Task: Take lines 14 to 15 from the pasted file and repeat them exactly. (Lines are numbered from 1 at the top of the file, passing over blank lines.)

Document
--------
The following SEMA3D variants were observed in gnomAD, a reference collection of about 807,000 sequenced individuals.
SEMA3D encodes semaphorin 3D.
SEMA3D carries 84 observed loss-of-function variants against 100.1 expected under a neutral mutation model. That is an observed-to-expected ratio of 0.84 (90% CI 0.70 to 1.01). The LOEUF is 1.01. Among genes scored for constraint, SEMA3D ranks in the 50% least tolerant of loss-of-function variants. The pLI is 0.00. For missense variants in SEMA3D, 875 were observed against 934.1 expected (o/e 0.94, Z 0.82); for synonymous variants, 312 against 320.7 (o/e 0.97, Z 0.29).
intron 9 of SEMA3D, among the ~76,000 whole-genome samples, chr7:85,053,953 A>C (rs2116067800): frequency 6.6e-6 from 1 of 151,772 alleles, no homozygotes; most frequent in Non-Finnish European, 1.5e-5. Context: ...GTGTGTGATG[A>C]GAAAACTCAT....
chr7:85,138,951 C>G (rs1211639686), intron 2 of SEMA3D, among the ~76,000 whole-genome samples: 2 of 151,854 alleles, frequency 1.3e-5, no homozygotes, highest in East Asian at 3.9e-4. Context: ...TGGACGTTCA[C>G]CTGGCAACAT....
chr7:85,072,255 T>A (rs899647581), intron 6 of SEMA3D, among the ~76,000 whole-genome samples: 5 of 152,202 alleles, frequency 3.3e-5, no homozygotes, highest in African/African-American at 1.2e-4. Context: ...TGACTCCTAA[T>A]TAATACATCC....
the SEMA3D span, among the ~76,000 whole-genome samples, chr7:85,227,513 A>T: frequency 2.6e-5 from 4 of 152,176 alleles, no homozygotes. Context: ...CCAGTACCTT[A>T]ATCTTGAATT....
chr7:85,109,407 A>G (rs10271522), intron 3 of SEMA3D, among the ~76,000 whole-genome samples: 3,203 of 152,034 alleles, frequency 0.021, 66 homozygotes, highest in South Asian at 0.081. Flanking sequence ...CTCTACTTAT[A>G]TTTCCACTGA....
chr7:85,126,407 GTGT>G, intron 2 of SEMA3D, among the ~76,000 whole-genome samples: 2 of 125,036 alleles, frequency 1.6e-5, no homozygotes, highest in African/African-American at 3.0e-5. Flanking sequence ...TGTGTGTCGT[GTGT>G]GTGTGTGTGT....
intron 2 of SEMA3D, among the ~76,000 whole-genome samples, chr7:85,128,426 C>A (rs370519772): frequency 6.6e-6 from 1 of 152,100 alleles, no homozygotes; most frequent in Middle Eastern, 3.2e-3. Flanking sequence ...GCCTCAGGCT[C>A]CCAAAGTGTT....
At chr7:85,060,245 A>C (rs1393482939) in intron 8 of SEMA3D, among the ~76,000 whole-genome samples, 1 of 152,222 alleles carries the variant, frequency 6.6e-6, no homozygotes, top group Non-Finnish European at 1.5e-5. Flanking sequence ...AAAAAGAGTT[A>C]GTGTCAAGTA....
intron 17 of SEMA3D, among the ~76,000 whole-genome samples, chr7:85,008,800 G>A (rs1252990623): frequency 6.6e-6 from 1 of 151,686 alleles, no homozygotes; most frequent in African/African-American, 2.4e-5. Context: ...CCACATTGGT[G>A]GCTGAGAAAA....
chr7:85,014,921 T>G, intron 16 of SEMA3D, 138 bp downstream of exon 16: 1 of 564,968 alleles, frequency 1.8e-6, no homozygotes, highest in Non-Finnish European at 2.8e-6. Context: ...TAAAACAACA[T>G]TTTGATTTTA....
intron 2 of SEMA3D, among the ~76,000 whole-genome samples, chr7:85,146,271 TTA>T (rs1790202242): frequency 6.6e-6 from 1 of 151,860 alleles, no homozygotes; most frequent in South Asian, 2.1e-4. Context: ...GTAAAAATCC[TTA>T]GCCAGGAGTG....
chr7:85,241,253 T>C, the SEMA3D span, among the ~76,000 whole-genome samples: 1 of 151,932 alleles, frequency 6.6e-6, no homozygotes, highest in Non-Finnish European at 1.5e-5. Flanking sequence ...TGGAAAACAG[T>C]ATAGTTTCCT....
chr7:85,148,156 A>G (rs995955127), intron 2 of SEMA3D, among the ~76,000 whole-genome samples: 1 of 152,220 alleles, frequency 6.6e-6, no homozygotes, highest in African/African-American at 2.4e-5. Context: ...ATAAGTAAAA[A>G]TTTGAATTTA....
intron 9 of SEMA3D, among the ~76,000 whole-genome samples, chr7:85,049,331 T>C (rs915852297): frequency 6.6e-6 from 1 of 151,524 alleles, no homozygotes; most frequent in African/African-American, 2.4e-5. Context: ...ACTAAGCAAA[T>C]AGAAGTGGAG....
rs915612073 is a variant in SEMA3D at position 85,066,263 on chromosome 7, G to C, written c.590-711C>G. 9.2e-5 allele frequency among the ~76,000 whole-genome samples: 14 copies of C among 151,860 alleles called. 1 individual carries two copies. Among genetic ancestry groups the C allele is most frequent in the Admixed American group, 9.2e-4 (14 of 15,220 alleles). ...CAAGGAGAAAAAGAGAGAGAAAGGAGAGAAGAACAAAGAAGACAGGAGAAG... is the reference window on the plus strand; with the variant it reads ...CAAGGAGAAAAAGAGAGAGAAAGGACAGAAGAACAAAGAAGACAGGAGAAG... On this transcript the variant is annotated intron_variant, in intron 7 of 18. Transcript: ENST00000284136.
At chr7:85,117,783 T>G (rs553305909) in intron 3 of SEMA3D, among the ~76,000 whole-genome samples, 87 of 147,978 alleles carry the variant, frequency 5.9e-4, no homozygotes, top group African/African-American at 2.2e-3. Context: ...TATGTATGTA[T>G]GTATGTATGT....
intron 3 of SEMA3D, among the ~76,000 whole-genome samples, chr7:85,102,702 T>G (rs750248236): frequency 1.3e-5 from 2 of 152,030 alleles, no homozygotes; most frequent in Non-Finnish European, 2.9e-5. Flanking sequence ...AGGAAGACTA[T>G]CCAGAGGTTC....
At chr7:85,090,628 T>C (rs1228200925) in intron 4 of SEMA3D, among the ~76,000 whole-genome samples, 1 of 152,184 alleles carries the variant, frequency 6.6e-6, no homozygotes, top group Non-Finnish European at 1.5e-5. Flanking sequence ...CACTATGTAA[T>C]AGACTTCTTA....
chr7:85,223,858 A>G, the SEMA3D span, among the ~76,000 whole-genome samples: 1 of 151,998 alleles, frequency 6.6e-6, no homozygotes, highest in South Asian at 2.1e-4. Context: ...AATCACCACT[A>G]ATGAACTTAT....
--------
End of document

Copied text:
intron 2 of SEMA3D, among the ~76,000 whole-genome samples, chr7:85,146,271 TTA>T (rs1790202242): frequency 6.6e-6 from 1 of 151,860 alleles, no homozygotes; most frequent in South Asian, 2.1e-4. Context: ...GTAAAAATCC[TTA>T]GCCAGGAGTG....
chr7:85,241,253 T>C, the SEMA3D span, among the ~76,000 whole-genome samples: 1 of 151,932 alleles, frequency 6.6e-6, no homozygotes, highest in Non-Finnish European at 1.5e-5. Flanking sequence ...TGGAAAACAG[T>C]ATAGTTTCCT....